Plumbiferous Media

The Fallen Host - Blueneck

Dec 13th 2009
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The Fallen Host - BlueneckBlueneck
The Fallen Host
Score: 65








There is no real way to avoid say­ing it: Unless you’re very fond of Christ­mas car­ols, Decem­ber is just not a good month for music. This does, how­ev­er, give us an oppor­tu­ni­ty to review an album we missed when it first came out. Blue­neck, a band hail­ing from North Som­er­set, Eng­land, released its newest full-length, The Fall­en Host, exact­ly a month ago. The band employs a unique sound, best described as post-rock with a heavy, almost (but not quite) ambi­ent influ­ence. Yet while the sound itself is incred­i­bly inter­est­ing, the album itself is not near­ly as inter­est­ing, main­ly due to the often over­ly drawn out tracks, tran­si­tions, sec­tions, and music in gen­er­al.

The Fall­en Host begins quite promis­ing­ly. “Depart from Me, You Who Are Cursed” is an excel­lent intro­duc­tion both to the album and the band’s sound. The expert­ly intro­duced melodies soar above a del­i­cate drum line, and the entire track moves flu­id­ly through light sec­tions into more pow­er­ful areas. Addi­tion­al­ly, the sec­ond track fol­lows incred­i­bly well. The pre­vi­ous­ly sub­dued per­cus­sion takes cen­ter stage, in the process becom­ing all but too loud, and the already heavy track fur­ther devel­ops into a grow­ing not-quite-cacoph­o­ny of voic­es. Less notice­able but still quite appre­ci­at­ed is the fact that the per­cus­sion, which sim­ply would have no way of get­ting even loud­er, instead grows along with the track by incor­po­rat­ing increas­ing com­plex­i­ty into its lines.

Unfor­tu­nate­ly, the remain­der of the album does not mea­sure up to the first pair of tracks. While the fact that the music nev­er ceas­es to grow and con­tract, thus nev­er ful­ly devolv­ing into bla­tant, undi­lut­ed rep­e­ti­tion, is quite pleas­ing, sin­gle-mind­ed crescen­dos that occur over the space of, say, five entire min­utes are not as wel­come. And yet this seems to be the case for much of The Fall­en Host. Equal­ly unfor­tu­nate, giv­en how entranc­ing the loud­er sec­tions of The Fall­en Host can be, is Blueneck’s insis­tence on dwelling for near-indef­i­nite peri­ods of time on soft sec­tions. And while soft can the­o­ret­i­cal­ly be just as nice as loud, espe­cial­ly as it often gives the vocals a chance to shine, the soft sec­tions on The Fall­en Tree are the sec­tions most like­ly to devolve into shame­less, stale rep­e­ti­tion.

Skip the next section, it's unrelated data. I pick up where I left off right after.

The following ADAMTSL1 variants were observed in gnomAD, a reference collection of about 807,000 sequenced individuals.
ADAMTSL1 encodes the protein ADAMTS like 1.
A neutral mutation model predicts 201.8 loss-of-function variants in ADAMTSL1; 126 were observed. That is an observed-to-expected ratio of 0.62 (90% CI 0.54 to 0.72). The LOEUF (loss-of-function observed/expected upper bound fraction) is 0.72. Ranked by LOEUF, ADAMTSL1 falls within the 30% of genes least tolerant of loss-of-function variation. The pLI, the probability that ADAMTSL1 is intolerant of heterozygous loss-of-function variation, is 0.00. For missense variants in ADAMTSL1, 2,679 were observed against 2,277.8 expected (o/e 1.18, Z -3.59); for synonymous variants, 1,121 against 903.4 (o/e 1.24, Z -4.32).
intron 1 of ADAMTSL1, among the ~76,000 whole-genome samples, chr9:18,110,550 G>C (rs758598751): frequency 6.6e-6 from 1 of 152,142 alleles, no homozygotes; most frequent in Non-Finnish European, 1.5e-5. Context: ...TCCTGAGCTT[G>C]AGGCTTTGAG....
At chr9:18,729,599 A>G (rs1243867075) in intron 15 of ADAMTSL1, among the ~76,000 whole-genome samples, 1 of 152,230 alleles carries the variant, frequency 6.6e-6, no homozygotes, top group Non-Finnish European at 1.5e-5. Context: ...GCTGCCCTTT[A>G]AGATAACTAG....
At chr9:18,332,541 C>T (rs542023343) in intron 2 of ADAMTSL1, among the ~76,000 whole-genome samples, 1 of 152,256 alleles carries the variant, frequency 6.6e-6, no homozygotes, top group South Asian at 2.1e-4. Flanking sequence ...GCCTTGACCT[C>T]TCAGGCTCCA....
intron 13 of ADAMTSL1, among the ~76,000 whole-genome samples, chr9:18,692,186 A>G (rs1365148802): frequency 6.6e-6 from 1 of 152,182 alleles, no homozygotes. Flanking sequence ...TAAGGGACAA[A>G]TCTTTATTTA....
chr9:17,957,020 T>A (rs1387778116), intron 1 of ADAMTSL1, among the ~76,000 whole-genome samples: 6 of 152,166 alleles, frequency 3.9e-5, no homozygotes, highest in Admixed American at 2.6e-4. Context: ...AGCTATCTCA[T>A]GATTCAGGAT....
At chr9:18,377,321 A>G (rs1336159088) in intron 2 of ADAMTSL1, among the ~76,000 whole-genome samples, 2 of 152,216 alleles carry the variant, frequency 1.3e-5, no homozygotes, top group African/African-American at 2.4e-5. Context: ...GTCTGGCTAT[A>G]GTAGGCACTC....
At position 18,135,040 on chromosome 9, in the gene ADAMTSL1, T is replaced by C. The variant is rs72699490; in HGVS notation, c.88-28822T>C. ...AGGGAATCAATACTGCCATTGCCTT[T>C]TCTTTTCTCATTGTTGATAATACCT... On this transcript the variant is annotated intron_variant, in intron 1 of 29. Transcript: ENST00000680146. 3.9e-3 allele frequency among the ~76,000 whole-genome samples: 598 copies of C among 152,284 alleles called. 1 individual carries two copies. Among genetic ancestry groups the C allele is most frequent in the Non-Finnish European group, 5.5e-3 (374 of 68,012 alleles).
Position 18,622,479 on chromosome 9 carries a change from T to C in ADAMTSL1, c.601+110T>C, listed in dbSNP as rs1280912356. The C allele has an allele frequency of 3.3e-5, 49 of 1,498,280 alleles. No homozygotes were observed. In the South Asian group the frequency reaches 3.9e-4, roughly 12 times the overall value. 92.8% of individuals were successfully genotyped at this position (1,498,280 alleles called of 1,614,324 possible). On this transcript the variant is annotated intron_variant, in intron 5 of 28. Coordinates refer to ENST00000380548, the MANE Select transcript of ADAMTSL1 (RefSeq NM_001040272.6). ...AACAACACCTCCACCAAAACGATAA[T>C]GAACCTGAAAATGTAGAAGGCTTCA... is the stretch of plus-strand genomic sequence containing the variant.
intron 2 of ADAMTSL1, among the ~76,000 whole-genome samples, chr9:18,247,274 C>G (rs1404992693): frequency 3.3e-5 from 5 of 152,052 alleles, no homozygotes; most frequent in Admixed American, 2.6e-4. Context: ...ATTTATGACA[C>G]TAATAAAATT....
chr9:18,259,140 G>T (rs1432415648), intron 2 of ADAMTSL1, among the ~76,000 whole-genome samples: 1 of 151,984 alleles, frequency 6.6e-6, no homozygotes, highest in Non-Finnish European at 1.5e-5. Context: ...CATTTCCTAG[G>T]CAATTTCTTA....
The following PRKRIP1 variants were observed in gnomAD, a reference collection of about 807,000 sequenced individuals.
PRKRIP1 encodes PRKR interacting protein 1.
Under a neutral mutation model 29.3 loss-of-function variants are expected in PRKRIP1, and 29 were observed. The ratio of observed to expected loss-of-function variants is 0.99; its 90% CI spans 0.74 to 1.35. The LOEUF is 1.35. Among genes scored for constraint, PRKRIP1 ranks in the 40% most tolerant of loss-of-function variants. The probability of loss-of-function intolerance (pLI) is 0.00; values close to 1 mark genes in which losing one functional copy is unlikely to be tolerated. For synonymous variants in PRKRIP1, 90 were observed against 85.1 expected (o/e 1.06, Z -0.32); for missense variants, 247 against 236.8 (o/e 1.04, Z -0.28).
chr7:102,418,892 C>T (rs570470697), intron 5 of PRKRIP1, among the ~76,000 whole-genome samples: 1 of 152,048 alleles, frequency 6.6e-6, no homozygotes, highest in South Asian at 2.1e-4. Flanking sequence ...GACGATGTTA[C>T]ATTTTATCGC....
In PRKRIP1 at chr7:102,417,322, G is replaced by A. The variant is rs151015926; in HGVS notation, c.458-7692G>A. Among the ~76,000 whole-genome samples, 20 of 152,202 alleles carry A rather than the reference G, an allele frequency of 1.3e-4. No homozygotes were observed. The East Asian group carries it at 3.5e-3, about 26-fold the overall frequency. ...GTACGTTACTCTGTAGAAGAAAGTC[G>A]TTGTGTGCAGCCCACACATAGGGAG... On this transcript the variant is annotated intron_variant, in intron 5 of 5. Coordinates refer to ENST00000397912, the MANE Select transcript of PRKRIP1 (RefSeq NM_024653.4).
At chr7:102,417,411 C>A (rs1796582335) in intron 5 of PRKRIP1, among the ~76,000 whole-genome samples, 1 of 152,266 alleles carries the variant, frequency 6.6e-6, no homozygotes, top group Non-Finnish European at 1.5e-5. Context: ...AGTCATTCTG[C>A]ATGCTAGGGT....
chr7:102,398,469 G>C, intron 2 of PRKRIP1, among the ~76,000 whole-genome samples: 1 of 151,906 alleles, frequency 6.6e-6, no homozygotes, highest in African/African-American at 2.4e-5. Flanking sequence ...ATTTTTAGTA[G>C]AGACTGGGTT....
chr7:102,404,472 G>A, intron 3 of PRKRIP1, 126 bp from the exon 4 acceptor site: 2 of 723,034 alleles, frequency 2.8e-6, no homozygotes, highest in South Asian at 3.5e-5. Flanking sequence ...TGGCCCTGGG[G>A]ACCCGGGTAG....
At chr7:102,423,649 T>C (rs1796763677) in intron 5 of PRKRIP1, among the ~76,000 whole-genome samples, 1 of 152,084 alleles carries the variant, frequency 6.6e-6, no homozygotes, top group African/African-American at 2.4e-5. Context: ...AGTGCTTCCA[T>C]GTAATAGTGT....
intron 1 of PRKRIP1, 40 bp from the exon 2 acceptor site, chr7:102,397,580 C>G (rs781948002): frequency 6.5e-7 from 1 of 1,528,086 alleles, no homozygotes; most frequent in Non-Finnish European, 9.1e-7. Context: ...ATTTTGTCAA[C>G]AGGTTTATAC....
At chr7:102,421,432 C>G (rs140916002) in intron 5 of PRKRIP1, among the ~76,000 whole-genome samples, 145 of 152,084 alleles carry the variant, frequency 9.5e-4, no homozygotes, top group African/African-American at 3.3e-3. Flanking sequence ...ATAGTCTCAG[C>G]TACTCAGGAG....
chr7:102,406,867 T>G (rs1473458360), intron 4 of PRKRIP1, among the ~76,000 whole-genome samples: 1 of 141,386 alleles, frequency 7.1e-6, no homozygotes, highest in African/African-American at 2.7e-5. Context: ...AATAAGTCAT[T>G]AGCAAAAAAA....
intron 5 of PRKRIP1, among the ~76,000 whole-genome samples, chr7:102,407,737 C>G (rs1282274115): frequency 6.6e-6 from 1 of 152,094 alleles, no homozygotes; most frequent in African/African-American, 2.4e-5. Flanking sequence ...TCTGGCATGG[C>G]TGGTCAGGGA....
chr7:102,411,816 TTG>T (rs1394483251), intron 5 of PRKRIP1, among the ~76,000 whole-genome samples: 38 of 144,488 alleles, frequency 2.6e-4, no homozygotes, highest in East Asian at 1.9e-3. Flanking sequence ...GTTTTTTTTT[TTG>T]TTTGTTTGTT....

As with many oth­er vocal post-rock albums, the vocal ele­ment of The Fall­en Host takes on an airy, vague­ly inhu­man cast, singing the sort of mon­u­men­tal song best suit­ed to the epic crescen­does so famil­iar to the genre. Fol­low­ing the first two instru­men­tal tracks, the addi­tion of vocals on “Low” is an inter­est­ing and well-planned addi­tion to already com­plex music. In gen­er­al, the vocals com­ple­ment rather than clash - extreme­ly impor­tant for music which, like Blueneck’s, relies heav­i­ly on care­ful­ly craft­ed har­mo­ny.

Though the vocals of The Fall­en Host are gen­er­al­ly quite strong, they stum­ble in the same places as does the album as a whole, most notably in the mis­match between length and vari­a­tion. As the instru­men­tal sec­tions repeat and occa­sion­al­ly near the point of being tire­some, so do the vocals - with­out a con­stant back­ing capa­ble of span­ning the near­ly ten min­utes of The Fall­en Host’s longest tracks, the vocals become equal­ly repet­i­tive, set­tling into a sleep-induc­ing near-drone. Dur­ing the active sec­tions of the album, how­ev­er, the vocals shine, an excel­lent accom­pa­ni­ment to the instru­men­tal main act.

The Fall­en Host is an inter­est­ing album - well-craft­ed instru­men­tals com­bine with a vocal accom­pa­ni­ment and an intrigu­ing­ly intense sound to cre­ate inspired post-rock. It’s a dis­ap­point­ment, then, that Blue­neck saw the need to extend many of the tracks past the point of engage­ment, to the point where the most nov­el ideas become over­played. Sev­er­al of The Fall­en Host’s tracks would have been stronger at, say, half the length, not least the final track, “Rev­e­la­tions,” which, at over nine min­utes, runs out of steam quite quick­ly. But issues with length notwith­stand­ing, Blue­neck has cer­tain­ly shown a great deal of cre­ativ­i­ty on The Fall­en Host. It would be even bet­ter if it didn’t run out so quick­ly.


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